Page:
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Offline Maj

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Re: Battery safety - a practical lesson
« Reply #11 on: November 01, 2018, 06:28:10 pm »
I decided I needed a couple of new 18650 batteries for my Fenix. After a lot of searching on the internet I found this site useful   http://www.torchythebatteryboy.com/p/18650-batteries-chargers.html  .
But in the end I purchased 2 x 18650 2600mAh with PCB from RS Components. £15.65 in free delivery, arrived within 24hrs of placing order.
 https://uk.rs-online.com/web/p/speciality-size-rechargeable-batteries/8801558/?sra=pstk
https://docs-emea.rs-online.com/webdocs/1585/0900766b81585472.pdf


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Offline crickleymal

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Re: Battery safety - a practical lesson
« Reply #12 on: November 01, 2018, 11:18:13 pm »
I'm sure there are other rail workers out there but this is from an HSQES Bulletin.  I don't know who wrote it, well actually I do, but I'm pretty sure they will have been given the text.
That's all there is I'm afraid.

How the heck are people supposed to tell the difference.  Some of those fake CENTRE marks are pretty much identical to the real ones.
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Offline Fulk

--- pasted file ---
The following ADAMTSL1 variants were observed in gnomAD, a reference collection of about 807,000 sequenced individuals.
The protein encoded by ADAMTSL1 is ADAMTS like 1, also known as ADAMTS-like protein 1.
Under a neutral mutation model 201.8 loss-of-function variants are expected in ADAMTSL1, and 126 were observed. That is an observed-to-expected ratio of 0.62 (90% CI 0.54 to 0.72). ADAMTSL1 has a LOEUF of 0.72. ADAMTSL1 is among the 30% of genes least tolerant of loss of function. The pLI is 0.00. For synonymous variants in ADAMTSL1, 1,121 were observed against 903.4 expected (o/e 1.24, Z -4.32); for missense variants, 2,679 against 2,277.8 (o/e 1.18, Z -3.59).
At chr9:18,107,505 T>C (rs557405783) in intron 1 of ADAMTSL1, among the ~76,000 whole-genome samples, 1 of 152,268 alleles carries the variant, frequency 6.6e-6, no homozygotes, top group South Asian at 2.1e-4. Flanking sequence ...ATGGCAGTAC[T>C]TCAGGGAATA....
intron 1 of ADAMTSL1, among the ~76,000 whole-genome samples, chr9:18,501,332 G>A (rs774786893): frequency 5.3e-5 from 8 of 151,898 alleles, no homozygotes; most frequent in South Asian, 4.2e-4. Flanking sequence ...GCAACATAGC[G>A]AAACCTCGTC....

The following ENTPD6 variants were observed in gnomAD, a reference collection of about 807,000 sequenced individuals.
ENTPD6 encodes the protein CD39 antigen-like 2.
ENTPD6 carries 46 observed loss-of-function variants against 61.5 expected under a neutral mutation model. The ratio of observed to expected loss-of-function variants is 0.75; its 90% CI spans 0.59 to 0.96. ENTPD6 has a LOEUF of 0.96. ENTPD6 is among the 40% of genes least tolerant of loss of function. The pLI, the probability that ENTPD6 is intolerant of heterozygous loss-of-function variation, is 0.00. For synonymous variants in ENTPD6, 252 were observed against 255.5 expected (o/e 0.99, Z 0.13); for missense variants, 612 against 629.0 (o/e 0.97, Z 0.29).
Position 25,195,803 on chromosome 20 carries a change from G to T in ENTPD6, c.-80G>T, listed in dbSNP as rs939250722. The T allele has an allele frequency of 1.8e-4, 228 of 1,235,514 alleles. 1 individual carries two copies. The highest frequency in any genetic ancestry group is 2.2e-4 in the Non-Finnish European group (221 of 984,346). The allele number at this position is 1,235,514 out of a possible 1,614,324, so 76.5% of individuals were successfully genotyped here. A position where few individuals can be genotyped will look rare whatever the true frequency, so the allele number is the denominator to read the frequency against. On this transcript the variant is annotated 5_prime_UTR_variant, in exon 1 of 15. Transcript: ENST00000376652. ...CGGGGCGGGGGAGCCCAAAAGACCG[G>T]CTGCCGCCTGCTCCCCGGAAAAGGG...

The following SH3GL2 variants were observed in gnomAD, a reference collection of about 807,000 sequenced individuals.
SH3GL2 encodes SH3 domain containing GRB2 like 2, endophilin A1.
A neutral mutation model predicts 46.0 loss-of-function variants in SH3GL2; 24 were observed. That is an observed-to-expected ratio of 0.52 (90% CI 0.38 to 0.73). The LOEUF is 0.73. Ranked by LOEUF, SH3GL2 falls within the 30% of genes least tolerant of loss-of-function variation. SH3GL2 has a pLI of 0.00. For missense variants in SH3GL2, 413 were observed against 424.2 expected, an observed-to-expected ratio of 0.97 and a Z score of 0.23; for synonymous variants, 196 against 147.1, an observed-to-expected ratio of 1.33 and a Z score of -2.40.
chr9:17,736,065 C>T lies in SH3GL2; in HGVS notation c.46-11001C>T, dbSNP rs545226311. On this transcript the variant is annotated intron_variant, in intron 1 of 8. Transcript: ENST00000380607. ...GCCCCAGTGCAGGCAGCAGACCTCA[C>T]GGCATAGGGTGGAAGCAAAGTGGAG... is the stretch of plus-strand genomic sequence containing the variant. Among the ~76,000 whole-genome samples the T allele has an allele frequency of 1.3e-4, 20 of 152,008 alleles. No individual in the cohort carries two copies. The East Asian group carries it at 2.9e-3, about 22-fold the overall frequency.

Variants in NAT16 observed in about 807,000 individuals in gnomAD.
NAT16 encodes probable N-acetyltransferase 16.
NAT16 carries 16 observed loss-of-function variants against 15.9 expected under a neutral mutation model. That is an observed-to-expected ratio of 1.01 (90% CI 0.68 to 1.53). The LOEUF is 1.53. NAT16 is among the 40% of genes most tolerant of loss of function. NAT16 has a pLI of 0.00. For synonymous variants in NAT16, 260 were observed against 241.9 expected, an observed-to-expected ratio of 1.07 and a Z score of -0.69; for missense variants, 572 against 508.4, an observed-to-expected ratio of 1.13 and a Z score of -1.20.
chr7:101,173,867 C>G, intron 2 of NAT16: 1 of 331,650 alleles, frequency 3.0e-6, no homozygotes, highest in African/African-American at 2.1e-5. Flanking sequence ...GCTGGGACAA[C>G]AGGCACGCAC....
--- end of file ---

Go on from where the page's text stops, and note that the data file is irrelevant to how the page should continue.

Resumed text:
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Re: Battery safety - a practical lesson
« Reply #13 on: November 01, 2018, 11:30:00 pm »
Thank you, Roy.

Offline andrewmc

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Re: Battery safety - a practical lesson
« Reply #14 on: November 02, 2018, 07:33:06 am »
How the heck are people supposed to tell the difference.  Some of those fake CENTRE marks are pretty much identical to the real ones.

A crappy CE mark indicates that it is probably a dodgy item, but there is nothing to stop a dubious Chinese manufacturer from sticking a valid CE mark on anything they like (the European rules don't apply to them and they don't care about the copyright). It is the responsibly of the importer into the EU to verify that stuff a) has a valid CE mark and b) _complies with the relevant regulations_. Chinese manufacturers will ask you what certifications you want put on the items... :P

Offline royfellows

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Re: Battery safety - a practical lesson
« Reply #15 on: November 02, 2018, 05:19:13 pm »
A quick browse through the electrical items for sale at a certain recently closed down electronics store chain was very revealing.
Basically, the food chain is badly contaminated.
 :lol: